Q. to Tracelove. Look at that pocket book?
Tracelove. The person that gave me the draught gave it me out of such a pocket book as this.
Counsel for the prisoner. This is a common almanack case; I suppose you have seen a 100 of them in a stationer's shop?
Tracelove. I do not believe that to be the same pocket book; I said so before the Justice, because I saw an ivory leaf in that, which is not in this.
Counsel for the prisoner. It is not very usual for a person that forged a draught to send for the person in whose name it was forged.
Counsel for the Crown. There is nothing meant in this prosecution but public justice; if you force me to it, I can give a very sufficient answer to that.
Q. Do you know Mr. Nedham?
Q. Have you seen him write?
Q. Tell me whether this is his hand writing?
(showing him the draught.)
Burt. I believe it is not.
Q. Have you seen him write frequently?
Q. For how long past?
Burt. Five or six years.
Q. Will you point out any difference in it?
Burt. I know between the christian and sir name he always makes a dot and a dash.
Q. Is there any thing particular?
Burt. The s is turned different from what Mr. Nedham does in joining the N; this is turned round to the right, Mr. Nedham turns it over and joins it to the end.
Q. You have often seen Mr. Nedham write?
Burt. Yes; I have seen him write his name upon the backs of briefs, and he signs his name there the same as when he signs pleadings or the bottom of letters.
Q. You are no way acquainted with Mr. Nedham's hand writing but from a knowledge of his signing briefs and pleadings: don't you know most gentlemen sign briefs and pleadings in a different manner from what they do in common writing when they sign securities; I know I do; it is the only way of security, when a gentleman writes his name so many hundred times; I believe people are not pretty accurate when they write their names on pleadings.
Counsel for the Crown. Did you ever see him write his name to any thing but pleadings?
Counsel for the prisoner. Did you never see him write his name to any thing but what he was paid for writing?
Q. Many people forget the dot.
Burt. I have seen him write his name I believe forty times; he never omitted it.
Q. During the course of what length of time?
Strong. It may be six or seven years.
Q. You take yourself to be well acquainted with his hand writing?
Q. Look at the draught, is that his hand writing?
Strong. No, it is not.
Q. What are the differences that strike you?
Strong. The joining of the s to the N; it is turned down instead of over, as Mr. Nedham always writes.
Q. What judgment do you form of that as to its being Mr. Nedham's hand or no?
Strong. The letters seem to be cut different, particularly the N, and I think there is a variance as to the T.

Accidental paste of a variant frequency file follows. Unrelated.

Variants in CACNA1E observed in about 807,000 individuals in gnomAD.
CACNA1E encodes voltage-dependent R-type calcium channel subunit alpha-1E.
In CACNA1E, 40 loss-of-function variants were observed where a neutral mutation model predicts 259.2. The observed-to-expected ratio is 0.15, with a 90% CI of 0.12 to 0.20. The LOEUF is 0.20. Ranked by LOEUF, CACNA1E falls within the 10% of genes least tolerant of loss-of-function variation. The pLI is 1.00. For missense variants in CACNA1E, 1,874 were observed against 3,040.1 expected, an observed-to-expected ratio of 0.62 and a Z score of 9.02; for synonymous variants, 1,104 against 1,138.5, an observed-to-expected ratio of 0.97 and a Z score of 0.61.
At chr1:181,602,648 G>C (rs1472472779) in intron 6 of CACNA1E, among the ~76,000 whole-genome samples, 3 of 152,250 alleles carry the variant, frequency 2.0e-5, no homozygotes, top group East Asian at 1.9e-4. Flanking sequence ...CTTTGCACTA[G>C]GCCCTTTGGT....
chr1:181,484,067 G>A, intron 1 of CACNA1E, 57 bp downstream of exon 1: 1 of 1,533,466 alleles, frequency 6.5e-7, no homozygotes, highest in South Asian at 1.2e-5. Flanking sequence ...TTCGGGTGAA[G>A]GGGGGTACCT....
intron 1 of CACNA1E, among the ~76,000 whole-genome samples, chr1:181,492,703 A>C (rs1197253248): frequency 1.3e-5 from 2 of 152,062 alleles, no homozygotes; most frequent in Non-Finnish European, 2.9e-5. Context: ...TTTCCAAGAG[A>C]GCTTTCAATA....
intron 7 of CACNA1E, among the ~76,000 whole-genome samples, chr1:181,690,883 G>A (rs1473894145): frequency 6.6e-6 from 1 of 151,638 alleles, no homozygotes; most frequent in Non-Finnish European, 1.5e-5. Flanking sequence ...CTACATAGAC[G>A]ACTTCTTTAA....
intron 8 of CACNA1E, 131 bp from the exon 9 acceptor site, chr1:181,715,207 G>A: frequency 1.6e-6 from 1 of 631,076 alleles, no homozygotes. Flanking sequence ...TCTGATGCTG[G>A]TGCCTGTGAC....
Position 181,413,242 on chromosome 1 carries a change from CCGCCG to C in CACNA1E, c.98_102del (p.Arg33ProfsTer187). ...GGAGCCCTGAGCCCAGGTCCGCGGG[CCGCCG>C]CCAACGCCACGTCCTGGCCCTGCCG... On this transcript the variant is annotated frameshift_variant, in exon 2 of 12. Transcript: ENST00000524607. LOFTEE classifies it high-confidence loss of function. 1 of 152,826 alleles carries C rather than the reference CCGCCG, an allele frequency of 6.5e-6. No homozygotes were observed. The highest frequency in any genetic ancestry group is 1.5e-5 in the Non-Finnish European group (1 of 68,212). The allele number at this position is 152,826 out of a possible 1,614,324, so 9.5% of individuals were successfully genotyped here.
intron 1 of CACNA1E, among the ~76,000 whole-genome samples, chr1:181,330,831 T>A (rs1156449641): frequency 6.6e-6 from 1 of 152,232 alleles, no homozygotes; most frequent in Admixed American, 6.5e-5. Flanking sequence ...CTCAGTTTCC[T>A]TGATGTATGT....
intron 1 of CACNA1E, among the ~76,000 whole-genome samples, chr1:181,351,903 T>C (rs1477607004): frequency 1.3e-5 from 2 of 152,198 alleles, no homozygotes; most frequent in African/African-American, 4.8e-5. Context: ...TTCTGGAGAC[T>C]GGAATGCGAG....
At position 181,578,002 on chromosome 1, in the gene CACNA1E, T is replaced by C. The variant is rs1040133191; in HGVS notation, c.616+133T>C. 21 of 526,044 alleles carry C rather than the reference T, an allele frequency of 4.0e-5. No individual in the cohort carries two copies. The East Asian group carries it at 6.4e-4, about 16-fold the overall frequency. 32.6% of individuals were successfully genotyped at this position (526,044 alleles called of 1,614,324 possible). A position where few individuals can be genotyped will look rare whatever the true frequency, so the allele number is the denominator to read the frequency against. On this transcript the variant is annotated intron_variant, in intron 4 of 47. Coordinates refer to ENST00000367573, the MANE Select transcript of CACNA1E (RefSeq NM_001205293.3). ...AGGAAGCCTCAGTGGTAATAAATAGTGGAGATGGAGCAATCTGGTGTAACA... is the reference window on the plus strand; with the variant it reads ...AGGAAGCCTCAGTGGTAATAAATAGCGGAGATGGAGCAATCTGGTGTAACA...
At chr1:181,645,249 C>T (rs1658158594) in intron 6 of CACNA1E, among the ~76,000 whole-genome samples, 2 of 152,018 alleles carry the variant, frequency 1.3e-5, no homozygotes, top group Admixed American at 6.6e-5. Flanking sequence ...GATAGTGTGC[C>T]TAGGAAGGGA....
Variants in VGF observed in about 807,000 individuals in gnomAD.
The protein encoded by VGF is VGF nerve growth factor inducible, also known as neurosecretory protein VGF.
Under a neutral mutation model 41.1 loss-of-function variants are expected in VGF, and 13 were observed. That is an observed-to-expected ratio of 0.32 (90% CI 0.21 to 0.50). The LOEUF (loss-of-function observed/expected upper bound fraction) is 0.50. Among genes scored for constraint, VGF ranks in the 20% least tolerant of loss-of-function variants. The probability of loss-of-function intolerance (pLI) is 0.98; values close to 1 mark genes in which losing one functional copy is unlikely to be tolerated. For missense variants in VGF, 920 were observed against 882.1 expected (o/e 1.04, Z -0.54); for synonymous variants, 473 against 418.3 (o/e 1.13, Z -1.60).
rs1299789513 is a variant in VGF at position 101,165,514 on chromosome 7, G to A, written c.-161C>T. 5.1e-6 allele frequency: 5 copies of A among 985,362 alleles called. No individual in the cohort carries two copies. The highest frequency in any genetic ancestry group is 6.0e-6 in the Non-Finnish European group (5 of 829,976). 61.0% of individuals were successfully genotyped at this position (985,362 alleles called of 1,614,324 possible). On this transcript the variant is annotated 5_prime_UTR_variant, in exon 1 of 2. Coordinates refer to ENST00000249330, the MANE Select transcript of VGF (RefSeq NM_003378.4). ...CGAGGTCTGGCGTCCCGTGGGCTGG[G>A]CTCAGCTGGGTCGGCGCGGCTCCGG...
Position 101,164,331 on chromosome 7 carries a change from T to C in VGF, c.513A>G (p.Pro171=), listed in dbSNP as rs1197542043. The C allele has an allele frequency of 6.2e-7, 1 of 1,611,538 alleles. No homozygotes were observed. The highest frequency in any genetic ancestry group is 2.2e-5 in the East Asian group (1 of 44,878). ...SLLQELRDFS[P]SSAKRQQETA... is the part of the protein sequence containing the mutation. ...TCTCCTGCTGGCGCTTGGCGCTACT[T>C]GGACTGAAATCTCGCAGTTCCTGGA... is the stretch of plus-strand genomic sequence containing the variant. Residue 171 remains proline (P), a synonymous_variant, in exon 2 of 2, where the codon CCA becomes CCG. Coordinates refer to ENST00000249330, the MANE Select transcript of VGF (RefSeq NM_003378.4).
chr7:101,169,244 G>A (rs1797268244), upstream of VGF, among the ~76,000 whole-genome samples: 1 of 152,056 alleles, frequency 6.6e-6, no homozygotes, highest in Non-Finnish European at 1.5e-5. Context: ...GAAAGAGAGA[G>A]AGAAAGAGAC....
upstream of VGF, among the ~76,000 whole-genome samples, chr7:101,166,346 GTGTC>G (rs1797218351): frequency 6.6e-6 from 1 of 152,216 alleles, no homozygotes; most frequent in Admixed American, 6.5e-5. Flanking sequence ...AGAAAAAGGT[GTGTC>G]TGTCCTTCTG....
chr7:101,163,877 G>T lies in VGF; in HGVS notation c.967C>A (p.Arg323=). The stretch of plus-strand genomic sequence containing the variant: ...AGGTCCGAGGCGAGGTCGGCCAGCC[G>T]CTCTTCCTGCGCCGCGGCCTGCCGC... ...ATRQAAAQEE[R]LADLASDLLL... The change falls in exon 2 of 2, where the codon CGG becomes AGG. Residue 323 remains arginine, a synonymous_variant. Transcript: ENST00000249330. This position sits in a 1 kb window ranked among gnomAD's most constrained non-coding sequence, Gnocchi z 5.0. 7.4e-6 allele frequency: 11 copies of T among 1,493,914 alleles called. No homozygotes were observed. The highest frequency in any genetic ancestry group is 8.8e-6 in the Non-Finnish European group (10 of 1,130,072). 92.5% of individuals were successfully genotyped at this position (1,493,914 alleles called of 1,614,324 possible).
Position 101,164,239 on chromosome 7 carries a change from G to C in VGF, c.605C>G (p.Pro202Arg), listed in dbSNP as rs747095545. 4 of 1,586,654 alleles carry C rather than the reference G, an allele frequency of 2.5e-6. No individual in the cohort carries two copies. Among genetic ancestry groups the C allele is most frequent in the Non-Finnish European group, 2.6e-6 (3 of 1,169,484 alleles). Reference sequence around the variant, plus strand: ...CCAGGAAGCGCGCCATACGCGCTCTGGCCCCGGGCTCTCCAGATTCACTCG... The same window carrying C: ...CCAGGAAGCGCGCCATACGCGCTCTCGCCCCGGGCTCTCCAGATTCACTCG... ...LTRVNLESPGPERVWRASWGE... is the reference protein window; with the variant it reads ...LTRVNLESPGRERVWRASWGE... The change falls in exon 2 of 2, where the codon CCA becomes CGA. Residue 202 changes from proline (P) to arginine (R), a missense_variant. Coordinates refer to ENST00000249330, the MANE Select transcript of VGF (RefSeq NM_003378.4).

Q. What have you seen him subscribe his name to?
Strong. To briefs.
Q. Have you seen him write upon any other occasion; business, letters, or draughts?
Q. You have seen him write in the course of business and nothing else?
Q. I believe you know that gentlemen vary their names often in signing briefs?
Strong. I generally write one way, I do not know what other gentlemen may do.
Q. This draught seems to me to be the whole of one hand writing.
Q. to Mr. Wormhall. Have you seen Mr. Nedham write?
Wormhall. Yes; I saw him write his name in our book when he first opened an account with us. (Produces the book.)
Q. How long ago was that wrote?
Wormhall. Three or four months I believe; when he first opened account with us.
Q. Do you swear that you are well acquainted with Mr. Nedham's hand writing, in such a manner as to be able to form a judgement of it without comparing it?
Strong. Mr. Nedham pointed out a case that was not his drawing.
Q. Suppose you see me now write, not having seen me write before, and never see the paper after, would you venture to think you had acquired such a judgment and knowledge of my writing as to be able to know it afterwards?
Q. Do you think exclusive of all other circumstances, that you can venture to say that from seeing a man write once, that you can form such a knowledge of his hand writing as to discover it at a month's distance.
Q. You have done business for Mr. Nedham?
Martin. Frequently, for four or five years last past.
Q. Are you acquainted with his writing?
Q. What is your opinion of this?
Martin. I do not believe it to be Mr. Nedham's hand writing.
Q. Have you seen him sign pleadings?
Martin. Yes; I have seen him write his name frequently at the bottom of answers in Chancery.
Counsel for the Crown. I suppose I need not take up time to prove the four partners of the house as laid in the indictment.
Counsel for the prisoner. No.